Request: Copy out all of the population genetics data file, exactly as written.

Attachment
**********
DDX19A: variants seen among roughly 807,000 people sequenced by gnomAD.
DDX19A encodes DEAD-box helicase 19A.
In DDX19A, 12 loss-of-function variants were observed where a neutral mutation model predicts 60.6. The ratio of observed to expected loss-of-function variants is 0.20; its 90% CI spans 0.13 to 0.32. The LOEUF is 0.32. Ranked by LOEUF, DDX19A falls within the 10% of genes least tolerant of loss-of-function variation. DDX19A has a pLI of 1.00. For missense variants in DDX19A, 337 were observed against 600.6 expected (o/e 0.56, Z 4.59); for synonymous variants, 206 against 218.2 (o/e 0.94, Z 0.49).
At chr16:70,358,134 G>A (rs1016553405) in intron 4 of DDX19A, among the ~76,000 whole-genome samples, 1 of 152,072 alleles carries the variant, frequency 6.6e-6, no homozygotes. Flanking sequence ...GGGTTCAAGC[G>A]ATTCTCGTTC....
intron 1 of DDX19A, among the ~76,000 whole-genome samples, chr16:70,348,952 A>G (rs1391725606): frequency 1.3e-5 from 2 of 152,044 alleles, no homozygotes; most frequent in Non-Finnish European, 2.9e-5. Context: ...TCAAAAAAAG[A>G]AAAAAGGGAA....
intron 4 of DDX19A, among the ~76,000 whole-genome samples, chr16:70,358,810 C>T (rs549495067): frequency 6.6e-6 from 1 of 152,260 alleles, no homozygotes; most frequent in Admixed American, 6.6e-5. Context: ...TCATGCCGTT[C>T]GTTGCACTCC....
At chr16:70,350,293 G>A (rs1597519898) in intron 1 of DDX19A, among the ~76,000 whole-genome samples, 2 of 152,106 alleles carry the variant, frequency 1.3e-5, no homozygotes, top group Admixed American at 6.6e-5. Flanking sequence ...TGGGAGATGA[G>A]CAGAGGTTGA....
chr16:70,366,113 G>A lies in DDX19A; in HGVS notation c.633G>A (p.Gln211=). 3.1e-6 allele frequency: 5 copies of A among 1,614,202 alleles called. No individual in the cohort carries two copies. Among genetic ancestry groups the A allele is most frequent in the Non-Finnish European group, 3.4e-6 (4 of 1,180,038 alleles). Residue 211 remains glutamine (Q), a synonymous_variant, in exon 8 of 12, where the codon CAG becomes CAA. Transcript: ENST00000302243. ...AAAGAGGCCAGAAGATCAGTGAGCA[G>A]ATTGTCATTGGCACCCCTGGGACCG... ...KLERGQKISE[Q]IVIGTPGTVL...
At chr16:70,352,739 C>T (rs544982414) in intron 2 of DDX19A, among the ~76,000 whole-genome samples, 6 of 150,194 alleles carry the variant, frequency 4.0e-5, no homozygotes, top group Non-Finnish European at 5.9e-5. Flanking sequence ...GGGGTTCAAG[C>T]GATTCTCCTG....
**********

DDX19A: variants seen among roughly 807,000 people sequenced by gnomAD.
DDX19A encodes DEAD-box helicase 19A.
In DDX19A, 12 loss-of-function variants were observed where a neutral mutation model predicts 60.6. The ratio of observed to expected loss-of-function variants is 0.20; its 90% CI spans 0.13 to 0.32. The LOEUF is 0.32. Ranked by LOEUF, DDX19A falls within the 10% of genes least tolerant of loss-of-function variation. DDX19A has a pLI of 1.00. For missense variants in DDX19A, 337 were observed against 600.6 expected (o/e 0.56, Z 4.59); for synonymous variants, 206 against 218.2 (o/e 0.94, Z 0.49).
At chr16:70,358,134 G>A (rs1016553405) in intron 4 of DDX19A, among the ~76,000 whole-genome samples, 1 of 152,072 alleles carries the variant, frequency 6.6e-6, no homozygotes. Flanking sequence ...GGGTTCAAGC[G>A]ATTCTCGTTC....
intron 1 of DDX19A, among the ~76,000 whole-genome samples, chr16:70,348,952 A>G (rs1391725606): frequency 1.3e-5 from 2 of 152,044 alleles, no homozygotes; most frequent in Non-Finnish European, 2.9e-5. Context: ...TCAAAAAAAG[A>G]AAAAAGGGAA....
intron 4 of DDX19A, among the ~76,000 whole-genome samples, chr16:70,358,810 C>T (rs549495067): frequency 6.6e-6 from 1 of 152,260 alleles, no homozygotes; most frequent in Admixed American, 6.6e-5. Context: ...TCATGCCGTT[C>T]GTTGCACTCC....
At chr16:70,350,293 G>A (rs1597519898) in intron 1 of DDX19A, among the ~76,000 whole-genome samples, 2 of 152,106 alleles carry the variant, frequency 1.3e-5, no homozygotes, top group Admixed American at 6.6e-5. Flanking sequence ...TGGGAGATGA[G>A]CAGAGGTTGA....
chr16:70,366,113 G>A lies in DDX19A; in HGVS notation c.633G>A (p.Gln211=). 3.1e-6 allele frequency: 5 copies of A among 1,614,202 alleles called. No individual in the cohort carries two copies. Among genetic ancestry groups the A allele is most frequent in the Non-Finnish European group, 3.4e-6 (4 of 1,180,038 alleles). Residue 211 remains glutamine (Q), a synonymous_variant, in exon 8 of 12, where the codon CAG becomes CAA. Transcript: ENST00000302243. ...AAAGAGGCCAGAAGATCAGTGAGCA[G>A]ATTGTCATTGGCACCCCTGGGACCG... ...KLERGQKISE[Q]IVIGTPGTVL...
At chr16:70,352,739 C>T (rs544982414) in intron 2 of DDX19A, among the ~76,000 whole-genome samples, 6 of 150,194 alleles carry the variant, frequency 4.0e-5, no homozygotes, top group Non-Finnish European at 5.9e-5. Flanking sequence ...GGGGTTCAAG[C>T]GATTCTCCTG....